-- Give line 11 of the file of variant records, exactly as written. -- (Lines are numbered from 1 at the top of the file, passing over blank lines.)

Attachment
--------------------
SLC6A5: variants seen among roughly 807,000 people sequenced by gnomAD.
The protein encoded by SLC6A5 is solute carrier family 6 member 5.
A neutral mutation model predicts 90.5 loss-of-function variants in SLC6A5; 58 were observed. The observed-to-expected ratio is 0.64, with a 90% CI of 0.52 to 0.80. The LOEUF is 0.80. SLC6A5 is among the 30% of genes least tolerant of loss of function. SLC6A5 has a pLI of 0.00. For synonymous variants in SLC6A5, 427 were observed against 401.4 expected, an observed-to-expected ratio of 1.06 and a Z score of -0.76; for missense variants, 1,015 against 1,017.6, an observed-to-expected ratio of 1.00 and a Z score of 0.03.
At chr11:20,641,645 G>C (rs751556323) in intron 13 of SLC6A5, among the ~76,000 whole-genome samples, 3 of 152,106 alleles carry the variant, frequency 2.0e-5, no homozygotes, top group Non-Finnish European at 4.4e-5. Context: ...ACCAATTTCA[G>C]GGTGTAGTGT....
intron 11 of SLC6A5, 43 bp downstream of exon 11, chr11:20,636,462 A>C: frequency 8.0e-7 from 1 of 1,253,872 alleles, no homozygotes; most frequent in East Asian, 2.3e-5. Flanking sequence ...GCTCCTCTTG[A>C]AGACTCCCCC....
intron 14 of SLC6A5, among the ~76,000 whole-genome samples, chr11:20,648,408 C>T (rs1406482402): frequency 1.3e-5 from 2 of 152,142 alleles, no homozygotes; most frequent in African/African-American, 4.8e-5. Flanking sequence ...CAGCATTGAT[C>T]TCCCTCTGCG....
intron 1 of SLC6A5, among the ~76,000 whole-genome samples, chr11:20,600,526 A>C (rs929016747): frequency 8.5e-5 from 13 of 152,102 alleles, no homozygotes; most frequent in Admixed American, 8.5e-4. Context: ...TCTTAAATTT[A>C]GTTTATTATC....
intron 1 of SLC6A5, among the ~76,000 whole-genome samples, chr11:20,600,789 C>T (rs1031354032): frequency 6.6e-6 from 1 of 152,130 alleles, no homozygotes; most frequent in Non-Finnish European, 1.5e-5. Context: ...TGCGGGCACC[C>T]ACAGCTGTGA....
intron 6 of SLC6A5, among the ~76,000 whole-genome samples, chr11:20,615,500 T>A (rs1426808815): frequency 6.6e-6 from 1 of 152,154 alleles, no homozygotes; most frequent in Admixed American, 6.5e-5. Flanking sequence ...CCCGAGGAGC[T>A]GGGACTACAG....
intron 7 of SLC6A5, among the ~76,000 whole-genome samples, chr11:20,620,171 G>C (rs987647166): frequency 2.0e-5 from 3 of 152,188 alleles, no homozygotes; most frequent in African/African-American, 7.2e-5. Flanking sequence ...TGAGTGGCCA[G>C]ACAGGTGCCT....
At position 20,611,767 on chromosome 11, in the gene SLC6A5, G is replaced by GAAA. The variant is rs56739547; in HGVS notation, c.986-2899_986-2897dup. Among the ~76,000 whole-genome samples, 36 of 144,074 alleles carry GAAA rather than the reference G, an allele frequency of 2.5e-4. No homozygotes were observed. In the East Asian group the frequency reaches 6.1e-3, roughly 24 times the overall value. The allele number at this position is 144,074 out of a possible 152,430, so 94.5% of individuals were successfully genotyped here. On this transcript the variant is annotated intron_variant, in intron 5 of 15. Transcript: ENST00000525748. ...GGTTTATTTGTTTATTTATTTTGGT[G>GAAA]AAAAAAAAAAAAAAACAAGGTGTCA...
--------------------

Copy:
At position 20,611,767 on chromosome 11, in the gene SLC6A5, G is replaced by GAAA. The variant is rs56739547; in HGVS notation, c.986-2899_986-2897dup. Among the ~76,000 whole-genome samples, 36 of 144,074 alleles carry GAAA rather than the reference G, an allele frequency of 2.5e-4. No homozygotes were observed. In the East Asian group the frequency reaches 6.1e-3, roughly 24 times the overall value. The allele number at this position is 144,074 out of a possible 152,430, so 94.5% of individuals were successfully genotyped here. On this transcript the variant is annotated intron_variant, in intron 5 of 15. Transcript: ENST00000525748. ...GGTTTATTTGTTTATTTATTTTGGT[G>GAAA]AAAAAAAAAAAAAAACAAGGTGTCA...